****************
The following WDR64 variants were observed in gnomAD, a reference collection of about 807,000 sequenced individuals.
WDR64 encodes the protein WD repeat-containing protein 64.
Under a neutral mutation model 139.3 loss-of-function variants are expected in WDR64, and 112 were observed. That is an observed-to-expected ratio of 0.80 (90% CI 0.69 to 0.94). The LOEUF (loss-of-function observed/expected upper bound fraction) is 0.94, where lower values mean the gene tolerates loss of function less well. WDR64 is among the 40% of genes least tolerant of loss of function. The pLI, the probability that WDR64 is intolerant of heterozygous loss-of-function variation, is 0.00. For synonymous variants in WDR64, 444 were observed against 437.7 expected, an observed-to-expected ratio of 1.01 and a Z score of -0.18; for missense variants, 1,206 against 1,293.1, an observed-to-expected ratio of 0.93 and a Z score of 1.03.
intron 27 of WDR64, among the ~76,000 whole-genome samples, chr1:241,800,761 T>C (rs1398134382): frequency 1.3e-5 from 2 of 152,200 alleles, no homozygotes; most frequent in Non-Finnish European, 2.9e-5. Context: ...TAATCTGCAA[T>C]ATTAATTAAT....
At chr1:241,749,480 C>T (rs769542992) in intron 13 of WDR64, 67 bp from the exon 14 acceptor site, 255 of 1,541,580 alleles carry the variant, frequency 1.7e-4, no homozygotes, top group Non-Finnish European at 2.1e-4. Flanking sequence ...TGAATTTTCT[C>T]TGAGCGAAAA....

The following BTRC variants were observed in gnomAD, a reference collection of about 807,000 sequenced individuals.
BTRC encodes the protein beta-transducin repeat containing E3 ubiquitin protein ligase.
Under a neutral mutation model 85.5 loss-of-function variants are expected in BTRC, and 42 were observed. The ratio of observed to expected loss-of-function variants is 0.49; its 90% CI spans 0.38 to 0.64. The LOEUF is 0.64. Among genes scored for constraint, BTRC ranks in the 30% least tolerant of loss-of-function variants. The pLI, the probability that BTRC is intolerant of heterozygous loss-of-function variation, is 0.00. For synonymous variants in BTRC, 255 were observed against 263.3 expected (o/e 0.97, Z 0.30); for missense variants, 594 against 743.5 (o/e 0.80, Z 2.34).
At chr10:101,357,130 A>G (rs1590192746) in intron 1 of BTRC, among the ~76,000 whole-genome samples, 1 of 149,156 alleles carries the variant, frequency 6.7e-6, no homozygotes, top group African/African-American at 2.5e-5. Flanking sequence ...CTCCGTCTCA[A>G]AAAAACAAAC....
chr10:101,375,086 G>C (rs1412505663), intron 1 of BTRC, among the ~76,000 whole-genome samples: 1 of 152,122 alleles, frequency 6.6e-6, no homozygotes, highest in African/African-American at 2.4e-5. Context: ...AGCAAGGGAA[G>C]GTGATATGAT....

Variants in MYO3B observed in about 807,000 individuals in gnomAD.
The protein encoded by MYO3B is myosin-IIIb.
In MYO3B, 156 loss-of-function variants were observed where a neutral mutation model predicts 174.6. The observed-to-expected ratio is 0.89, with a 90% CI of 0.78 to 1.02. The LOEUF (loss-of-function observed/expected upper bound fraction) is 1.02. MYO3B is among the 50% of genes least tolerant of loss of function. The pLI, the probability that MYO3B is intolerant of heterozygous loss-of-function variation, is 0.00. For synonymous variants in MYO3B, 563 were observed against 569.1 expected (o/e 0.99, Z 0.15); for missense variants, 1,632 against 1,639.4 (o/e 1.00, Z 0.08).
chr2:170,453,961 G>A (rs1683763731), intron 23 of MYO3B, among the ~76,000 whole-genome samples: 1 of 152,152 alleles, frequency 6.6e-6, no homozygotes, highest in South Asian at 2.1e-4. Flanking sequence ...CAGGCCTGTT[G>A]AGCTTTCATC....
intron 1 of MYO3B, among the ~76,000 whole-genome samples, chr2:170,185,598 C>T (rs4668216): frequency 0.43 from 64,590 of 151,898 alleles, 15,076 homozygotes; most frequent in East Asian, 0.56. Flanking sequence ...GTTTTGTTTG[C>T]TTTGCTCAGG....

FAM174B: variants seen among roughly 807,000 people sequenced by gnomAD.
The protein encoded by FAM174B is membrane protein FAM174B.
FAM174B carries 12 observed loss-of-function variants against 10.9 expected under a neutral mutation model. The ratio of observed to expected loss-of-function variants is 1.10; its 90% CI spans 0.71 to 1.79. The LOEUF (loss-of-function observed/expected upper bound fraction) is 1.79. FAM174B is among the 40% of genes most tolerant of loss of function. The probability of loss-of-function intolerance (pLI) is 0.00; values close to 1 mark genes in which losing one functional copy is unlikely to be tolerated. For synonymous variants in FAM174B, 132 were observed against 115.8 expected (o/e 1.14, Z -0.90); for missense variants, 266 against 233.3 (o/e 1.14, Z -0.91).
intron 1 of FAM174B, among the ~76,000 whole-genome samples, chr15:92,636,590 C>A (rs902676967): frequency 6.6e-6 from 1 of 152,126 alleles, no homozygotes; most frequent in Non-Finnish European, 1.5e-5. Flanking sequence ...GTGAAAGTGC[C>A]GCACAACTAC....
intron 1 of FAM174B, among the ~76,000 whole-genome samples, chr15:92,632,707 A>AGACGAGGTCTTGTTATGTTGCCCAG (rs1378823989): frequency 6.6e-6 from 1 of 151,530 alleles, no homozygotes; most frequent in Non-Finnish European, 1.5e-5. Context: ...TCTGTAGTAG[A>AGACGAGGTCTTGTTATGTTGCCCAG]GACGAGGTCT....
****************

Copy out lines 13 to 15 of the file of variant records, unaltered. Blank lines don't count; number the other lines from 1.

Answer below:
In MYO3B, 156 loss-of-function variants were observed where a neutral mutation model predicts 174.6. The observed-to-expected ratio is 0.89, with a 90% CI of 0.78 to 1.02. The LOEUF (loss-of-function observed/expected upper bound fraction) is 1.02. MYO3B is among the 50% of genes least tolerant of loss of function. The pLI, the probability that MYO3B is intolerant of heterozygous loss-of-function variation, is 0.00. For synonymous variants in MYO3B, 563 were observed against 569.1 expected (o/e 0.99, Z 0.15); for missense variants, 1,632 against 1,639.4 (o/e 1.00, Z 0.08).
chr2:170,453,961 G>A (rs1683763731), intron 23 of MYO3B, among the ~76,000 whole-genome samples: 1 of 152,152 alleles, frequency 6.6e-6, no homozygotes, highest in South Asian at 2.1e-4. Flanking sequence ...CAGGCCTGTT[G>A]AGCTTTCATC....
intron 1 of MYO3B, among the ~76,000 whole-genome samples, chr2:170,185,598 C>T (rs4668216): frequency 0.43 from 64,590 of 151,898 alleles, 15,076 homozygotes; most frequent in East Asian, 0.56. Flanking sequence ...GTTTTGTTTG[C>T]TTTGCTCAGG....